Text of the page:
The law that protects consumers in Victoria is the Australian Consumer Law and Fair Trading Act 2012.
Consumer laws put restrictions on your business to ensure you're fair in the way you:
- trade (online and in-person)
- operate in the market
Complying with these laws can improve customer relations and give your business a reputation as one that deals fairly with your customers, suppliers and competitors. Breaching the Act is illegal and can cost you a lot of money in long-term legal expenses.
Fair trading laws
When running your business, you must meet certain standards in providing:
- fair contracts
- receipts and itemised bills
- refunds and exchanges
- gift cards
These laws apply whether you're trading online or in a brick and mortar premises. Online businesses must also comply with the laws in the:
Your contracts must be clear and fair. Fair means there is a healthy balance between you and the consumer.
Learn more about unfair contract terms on the Consumer Affairs website.
Receipts and itemised bills
You must provide:
- a receipt for amounts over $50 or if the consumer asks for one
- itemised receipts if the consumer asks for one
Learn more about receipts and itemised bills on the Consumer Affairs website.
Refunds and exchanges
Your refund and exchange policy must be clearly spelled out and comply with the Act.
Adding a 'no refunds or exchange' note to your website doesn't prevent you from having to offer a refund or exchange if the goods:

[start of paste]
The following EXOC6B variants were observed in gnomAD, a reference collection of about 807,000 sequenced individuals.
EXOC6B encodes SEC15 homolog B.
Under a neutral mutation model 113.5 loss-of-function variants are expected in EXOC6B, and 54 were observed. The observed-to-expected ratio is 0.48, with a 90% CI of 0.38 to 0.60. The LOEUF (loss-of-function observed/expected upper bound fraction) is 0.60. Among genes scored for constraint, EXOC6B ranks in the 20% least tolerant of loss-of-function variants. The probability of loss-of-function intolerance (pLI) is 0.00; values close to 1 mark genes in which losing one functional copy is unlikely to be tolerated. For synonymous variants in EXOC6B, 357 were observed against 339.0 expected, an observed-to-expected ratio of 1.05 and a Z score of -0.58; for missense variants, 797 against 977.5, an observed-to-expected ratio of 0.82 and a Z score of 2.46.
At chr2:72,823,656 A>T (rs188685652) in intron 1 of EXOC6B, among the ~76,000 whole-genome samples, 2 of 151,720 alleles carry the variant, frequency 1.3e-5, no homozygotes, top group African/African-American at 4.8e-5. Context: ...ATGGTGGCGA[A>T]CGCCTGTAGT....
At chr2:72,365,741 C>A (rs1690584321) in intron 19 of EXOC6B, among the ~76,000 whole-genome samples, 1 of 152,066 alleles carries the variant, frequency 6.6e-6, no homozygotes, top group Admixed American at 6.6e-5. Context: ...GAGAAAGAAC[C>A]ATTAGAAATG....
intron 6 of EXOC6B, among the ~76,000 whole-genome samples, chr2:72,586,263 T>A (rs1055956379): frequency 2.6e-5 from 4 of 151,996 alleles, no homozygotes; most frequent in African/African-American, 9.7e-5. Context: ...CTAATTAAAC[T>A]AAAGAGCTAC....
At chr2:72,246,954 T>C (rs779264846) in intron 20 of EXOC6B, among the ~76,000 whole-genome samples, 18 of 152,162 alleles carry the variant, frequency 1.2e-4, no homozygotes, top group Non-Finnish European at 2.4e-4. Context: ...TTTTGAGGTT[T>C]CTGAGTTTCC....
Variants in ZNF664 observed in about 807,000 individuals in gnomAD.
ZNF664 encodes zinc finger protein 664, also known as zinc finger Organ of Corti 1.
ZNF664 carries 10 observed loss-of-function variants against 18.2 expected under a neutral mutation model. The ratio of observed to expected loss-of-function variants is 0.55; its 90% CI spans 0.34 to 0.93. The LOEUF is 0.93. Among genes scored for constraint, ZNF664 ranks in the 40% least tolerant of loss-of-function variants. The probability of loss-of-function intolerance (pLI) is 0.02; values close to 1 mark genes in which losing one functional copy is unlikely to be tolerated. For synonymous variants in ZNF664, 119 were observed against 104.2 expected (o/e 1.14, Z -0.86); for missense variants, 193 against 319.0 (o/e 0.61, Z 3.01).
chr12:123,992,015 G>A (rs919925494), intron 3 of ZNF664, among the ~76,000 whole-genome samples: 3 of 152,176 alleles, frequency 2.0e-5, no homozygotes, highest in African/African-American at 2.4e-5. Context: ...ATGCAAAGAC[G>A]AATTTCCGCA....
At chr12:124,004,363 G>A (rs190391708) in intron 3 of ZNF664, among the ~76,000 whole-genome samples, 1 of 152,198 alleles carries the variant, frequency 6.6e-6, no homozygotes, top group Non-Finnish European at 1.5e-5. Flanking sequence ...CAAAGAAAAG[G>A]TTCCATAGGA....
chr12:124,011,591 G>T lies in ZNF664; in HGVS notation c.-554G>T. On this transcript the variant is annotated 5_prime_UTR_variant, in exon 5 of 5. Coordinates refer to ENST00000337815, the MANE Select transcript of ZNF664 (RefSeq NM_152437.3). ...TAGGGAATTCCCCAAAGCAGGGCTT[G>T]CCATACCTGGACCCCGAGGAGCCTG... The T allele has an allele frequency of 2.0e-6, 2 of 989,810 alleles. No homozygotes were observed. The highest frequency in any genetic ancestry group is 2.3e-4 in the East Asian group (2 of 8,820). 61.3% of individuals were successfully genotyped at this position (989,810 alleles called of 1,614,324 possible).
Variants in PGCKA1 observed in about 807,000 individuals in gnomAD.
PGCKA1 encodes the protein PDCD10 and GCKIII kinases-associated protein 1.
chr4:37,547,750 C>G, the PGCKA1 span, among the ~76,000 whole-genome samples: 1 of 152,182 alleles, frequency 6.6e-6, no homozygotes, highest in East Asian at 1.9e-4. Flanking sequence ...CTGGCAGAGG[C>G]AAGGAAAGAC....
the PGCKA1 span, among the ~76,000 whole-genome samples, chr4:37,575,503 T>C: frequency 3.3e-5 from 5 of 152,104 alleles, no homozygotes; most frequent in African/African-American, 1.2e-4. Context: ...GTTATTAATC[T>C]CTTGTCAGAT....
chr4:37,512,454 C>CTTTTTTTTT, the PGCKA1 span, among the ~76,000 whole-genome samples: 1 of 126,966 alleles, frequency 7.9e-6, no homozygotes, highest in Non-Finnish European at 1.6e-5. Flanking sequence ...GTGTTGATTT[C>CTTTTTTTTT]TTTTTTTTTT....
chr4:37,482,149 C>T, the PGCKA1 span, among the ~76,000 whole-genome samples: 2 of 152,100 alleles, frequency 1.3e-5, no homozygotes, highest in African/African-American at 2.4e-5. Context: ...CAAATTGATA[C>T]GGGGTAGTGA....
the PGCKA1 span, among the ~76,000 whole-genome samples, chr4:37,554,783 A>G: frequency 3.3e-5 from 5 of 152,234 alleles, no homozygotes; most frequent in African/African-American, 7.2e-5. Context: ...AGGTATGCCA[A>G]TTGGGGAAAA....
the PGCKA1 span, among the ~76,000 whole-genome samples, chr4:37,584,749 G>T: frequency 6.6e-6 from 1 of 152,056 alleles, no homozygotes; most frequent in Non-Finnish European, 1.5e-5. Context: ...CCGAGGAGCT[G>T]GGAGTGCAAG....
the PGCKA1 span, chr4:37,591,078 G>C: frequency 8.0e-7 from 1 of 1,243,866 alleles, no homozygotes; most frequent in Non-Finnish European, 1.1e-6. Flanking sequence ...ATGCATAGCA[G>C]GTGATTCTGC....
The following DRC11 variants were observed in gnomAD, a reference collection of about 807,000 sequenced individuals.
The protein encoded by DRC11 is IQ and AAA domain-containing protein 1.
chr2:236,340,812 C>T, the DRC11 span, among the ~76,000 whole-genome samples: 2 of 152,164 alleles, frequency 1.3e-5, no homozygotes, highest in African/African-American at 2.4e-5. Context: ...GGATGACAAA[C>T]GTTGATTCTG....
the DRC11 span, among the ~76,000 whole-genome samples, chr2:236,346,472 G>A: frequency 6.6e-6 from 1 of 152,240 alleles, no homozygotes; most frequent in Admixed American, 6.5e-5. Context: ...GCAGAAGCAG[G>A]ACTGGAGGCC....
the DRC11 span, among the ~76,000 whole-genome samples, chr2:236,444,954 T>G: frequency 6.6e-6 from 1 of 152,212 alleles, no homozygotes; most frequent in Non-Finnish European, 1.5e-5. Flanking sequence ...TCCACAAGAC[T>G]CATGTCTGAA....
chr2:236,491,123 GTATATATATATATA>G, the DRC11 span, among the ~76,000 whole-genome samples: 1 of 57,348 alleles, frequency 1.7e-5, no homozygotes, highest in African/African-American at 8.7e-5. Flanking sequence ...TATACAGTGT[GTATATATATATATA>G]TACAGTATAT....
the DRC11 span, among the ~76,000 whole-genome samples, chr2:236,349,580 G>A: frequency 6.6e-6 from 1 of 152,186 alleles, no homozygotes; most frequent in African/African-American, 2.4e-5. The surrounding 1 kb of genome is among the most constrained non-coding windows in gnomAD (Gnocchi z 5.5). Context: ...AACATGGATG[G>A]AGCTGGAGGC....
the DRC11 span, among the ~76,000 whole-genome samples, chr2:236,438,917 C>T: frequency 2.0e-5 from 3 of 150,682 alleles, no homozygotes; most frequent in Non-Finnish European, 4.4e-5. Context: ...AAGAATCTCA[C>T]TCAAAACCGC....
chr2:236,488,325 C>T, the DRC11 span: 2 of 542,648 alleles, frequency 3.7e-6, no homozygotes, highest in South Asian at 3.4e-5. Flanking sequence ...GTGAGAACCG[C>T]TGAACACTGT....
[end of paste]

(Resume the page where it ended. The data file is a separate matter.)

- are faulty
- don't match the product description
- are unfit for their intended purpose
Learn more about refunds, repairs and exchanges on the Consumer Affairs website.
The Australian Consumer Law (ACL) was amended to provide protections for gift card consumers across Australia.
Changes to the gift card laws include:
- Gift cards must have a minimum 3-year expiry period.
- Gift cards must display expiry dates.
- Most post purchase fees on gift cards such as activation fees and balance enquiry fees are banned.
Under Australian Consumer Law, businesses must automatically guarantee most products and services that they sell, hire or lease. Consumer guarantees apply regardless of any other warranties you place on the product or service.
What is guaranteed?
Products and services, including those bundled, discounted or on sale, are automatically guaranteed if they are:
- under $100,000
- over $100,000 and generally used for personal or household use
- business vehicles and trailers used to transport goods (regardless of cost)
Minimum requirements for products and services
- be safe and of acceptable quality and appearance
- do all the things a person would normally expect
- match any description, demonstration or promise made by the business, salesperson, label or advertising
- not come with hidden debts or charges
- have spare parts and repair facilities available for a reasonable time unless specified otherwise
Services must be:
- provided with acceptable care, skill and technical knowledge and taking all necessary steps to avoid loss and damage
- fit for the purpose or give the agreed results
- delivered within a reasonable time when there is no agreed end date
Visit the Australian Competition and Consumer Commission (ACCC) website for more about consumer guarantees on products and services, including exceptions, compensation and repairs, replacements and refunds.
Fair advertising laws
Product and service descriptions must be correct and you must give your contact details.
The price of goods and services must stay the same for a reasonable length of time and you must have reasonable quantities available.
No unconscionable conduct
You must not display 'unconscionable conduct'. Unconscionable conduct includes:
- pressuring customers into purchases
- dishonest or unethical behaviour
- creating a false sense of urgency
- using unacceptable verbal or physical behaviour